I like to play with some new ways to represent the color palette (and thus to play with some new words/nouns). For example, I’ve been using the word fattie for the color of meat in recipes for a very long time, but I’m going to use fattie soon for some of the color names in the future. I’ve been looking at colors in combination because the color of something tends to help to distinguish the kind of thing it is (e.g, red for fish). In my books, I often use colors as part of the flavor to help tell you exactly what is going on in a recipe (e.g, a greenish-red color, sometimes even a golden colour, when I use brown, etc.). Or, in my case, I go a little further: when I write books for a broad audience I use lots of color, but also, I try to be aware of the specific tastes of different people and sometimes do include some red or blue color names with my recipes. I’m also a big deal about making sure that some of the colors are neutral. I don’t usually bother using color names for things that are “bad” colors; that way the recipes are not overly complicated, just as the recipes for a certain color-nameed sauce would be if it were called something, say, a jellied orange sauce.
What about the colors mentioned in the old book?
Can you share any old recipes you’ve tried from your youth and still love?
Sure. A few of these might be old memories, but there are many others. I will certainly always love a good old dish of brown butter fried in a rich gravy made from flour and sour cream, or of a sauce with cream, eggs, tomatoes and peppers; and I also love a good old recipe like the one in the book of chocolate mousse made with eggs, chocolate, vanilla or strawberry syrup, but, even though they contain color names, those are not necessarily colors I’ve been very fond of in my food. And, yes, some of the colors in my own cookbooks might not have been color values I liked in my youth. That’s because I changed over to writing for a broader audience with newer color recipes.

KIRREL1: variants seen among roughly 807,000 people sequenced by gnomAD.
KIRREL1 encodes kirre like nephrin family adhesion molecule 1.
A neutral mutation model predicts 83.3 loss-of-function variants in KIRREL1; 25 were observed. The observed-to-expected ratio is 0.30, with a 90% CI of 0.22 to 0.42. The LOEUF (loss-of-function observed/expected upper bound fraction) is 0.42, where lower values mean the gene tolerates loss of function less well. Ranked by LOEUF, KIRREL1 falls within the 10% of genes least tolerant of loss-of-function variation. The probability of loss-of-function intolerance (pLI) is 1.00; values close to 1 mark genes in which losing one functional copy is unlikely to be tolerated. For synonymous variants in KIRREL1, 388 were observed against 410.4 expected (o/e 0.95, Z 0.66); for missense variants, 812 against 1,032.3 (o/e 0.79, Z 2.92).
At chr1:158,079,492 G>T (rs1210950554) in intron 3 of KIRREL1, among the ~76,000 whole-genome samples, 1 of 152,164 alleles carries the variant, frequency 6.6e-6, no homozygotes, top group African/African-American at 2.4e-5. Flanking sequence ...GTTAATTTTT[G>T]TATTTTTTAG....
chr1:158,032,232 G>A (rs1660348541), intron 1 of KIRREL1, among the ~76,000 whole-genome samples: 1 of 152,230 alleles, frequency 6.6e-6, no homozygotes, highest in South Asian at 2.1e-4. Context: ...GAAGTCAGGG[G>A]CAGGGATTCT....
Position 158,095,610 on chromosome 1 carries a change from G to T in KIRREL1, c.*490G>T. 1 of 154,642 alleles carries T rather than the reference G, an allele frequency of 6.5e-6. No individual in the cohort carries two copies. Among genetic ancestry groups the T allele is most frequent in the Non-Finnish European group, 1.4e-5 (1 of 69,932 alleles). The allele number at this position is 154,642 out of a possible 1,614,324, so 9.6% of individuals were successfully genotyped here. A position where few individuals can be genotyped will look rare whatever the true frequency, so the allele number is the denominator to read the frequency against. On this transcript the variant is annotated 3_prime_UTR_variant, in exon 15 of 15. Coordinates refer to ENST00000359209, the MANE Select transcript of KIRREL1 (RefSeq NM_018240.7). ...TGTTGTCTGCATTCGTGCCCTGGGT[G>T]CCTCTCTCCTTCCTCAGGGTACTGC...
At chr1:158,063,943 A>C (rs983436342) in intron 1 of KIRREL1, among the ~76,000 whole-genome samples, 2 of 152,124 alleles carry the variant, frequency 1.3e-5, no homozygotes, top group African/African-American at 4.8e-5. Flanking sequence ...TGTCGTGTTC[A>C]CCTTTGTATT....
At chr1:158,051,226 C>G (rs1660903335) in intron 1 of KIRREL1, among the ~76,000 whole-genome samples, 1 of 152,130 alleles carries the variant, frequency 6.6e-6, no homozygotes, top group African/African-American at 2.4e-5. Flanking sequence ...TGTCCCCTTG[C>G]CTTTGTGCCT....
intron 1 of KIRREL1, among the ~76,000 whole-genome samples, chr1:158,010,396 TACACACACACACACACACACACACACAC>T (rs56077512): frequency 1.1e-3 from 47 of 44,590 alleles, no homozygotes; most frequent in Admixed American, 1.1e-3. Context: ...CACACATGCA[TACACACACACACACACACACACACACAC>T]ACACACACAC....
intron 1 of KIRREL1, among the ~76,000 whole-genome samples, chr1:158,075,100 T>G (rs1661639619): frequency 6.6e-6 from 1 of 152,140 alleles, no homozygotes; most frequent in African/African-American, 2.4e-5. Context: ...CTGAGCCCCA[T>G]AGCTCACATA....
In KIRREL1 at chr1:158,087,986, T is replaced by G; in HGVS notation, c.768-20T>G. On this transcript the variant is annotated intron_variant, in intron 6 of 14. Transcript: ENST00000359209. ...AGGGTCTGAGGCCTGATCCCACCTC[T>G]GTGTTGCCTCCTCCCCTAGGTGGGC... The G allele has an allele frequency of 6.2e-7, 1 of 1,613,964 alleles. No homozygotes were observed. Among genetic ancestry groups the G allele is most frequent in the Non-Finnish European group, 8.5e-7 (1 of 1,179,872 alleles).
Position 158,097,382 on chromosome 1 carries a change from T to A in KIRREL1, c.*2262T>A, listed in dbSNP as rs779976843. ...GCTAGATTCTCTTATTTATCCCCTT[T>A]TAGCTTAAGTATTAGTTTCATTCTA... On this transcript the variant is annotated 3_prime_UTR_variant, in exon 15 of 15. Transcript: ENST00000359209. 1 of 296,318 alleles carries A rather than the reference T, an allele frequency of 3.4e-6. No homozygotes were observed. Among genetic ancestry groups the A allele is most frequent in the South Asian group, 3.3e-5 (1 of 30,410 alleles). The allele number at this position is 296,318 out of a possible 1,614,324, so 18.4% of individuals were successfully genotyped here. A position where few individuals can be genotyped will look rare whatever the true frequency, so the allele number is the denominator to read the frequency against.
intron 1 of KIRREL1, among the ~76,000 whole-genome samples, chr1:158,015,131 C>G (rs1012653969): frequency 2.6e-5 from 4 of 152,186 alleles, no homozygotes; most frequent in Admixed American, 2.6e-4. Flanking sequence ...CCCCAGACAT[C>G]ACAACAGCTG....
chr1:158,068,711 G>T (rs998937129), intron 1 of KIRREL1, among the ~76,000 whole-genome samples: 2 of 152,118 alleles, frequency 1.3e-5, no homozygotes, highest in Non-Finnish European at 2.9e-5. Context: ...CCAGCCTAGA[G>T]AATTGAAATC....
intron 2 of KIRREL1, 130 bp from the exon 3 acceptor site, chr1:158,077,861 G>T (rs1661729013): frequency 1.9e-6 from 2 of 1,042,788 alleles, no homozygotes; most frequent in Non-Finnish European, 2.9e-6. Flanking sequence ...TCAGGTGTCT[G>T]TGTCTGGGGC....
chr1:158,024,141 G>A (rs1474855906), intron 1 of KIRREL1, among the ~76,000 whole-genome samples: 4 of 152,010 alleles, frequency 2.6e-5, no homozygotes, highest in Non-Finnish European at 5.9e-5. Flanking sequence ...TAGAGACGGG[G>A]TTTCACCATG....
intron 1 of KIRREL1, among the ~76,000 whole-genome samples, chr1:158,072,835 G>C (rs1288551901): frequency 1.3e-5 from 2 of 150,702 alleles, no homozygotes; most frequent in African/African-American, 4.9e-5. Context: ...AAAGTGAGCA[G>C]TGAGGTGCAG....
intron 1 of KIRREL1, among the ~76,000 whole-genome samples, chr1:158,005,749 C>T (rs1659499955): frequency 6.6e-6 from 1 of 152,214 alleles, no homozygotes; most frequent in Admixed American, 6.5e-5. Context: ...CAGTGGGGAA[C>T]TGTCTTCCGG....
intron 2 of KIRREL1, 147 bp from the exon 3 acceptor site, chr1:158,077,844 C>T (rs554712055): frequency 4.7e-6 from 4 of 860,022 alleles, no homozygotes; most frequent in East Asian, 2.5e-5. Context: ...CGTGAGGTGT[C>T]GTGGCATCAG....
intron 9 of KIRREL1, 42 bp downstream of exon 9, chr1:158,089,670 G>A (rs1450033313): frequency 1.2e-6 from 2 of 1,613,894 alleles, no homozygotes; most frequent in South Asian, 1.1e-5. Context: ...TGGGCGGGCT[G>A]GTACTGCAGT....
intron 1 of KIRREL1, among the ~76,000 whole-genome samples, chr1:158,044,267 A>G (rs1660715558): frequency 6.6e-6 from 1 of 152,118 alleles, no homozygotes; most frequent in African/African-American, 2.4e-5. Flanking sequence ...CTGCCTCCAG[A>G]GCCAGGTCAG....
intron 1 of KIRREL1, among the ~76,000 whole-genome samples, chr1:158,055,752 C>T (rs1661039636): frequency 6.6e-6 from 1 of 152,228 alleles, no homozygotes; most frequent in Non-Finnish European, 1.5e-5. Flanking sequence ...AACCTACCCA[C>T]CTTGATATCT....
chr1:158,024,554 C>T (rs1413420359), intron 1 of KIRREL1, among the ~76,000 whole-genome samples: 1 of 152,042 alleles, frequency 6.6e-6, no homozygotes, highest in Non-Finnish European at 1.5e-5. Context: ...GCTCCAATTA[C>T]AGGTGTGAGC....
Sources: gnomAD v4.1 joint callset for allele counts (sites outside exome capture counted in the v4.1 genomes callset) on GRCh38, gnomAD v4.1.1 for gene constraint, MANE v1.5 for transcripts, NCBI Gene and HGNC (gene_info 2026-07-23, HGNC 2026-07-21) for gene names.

What’s your take on the current cookbook movement?
I haven’t read very many of those new cookbooks, but I have listened to a few interviews that cover them quite a bit (and
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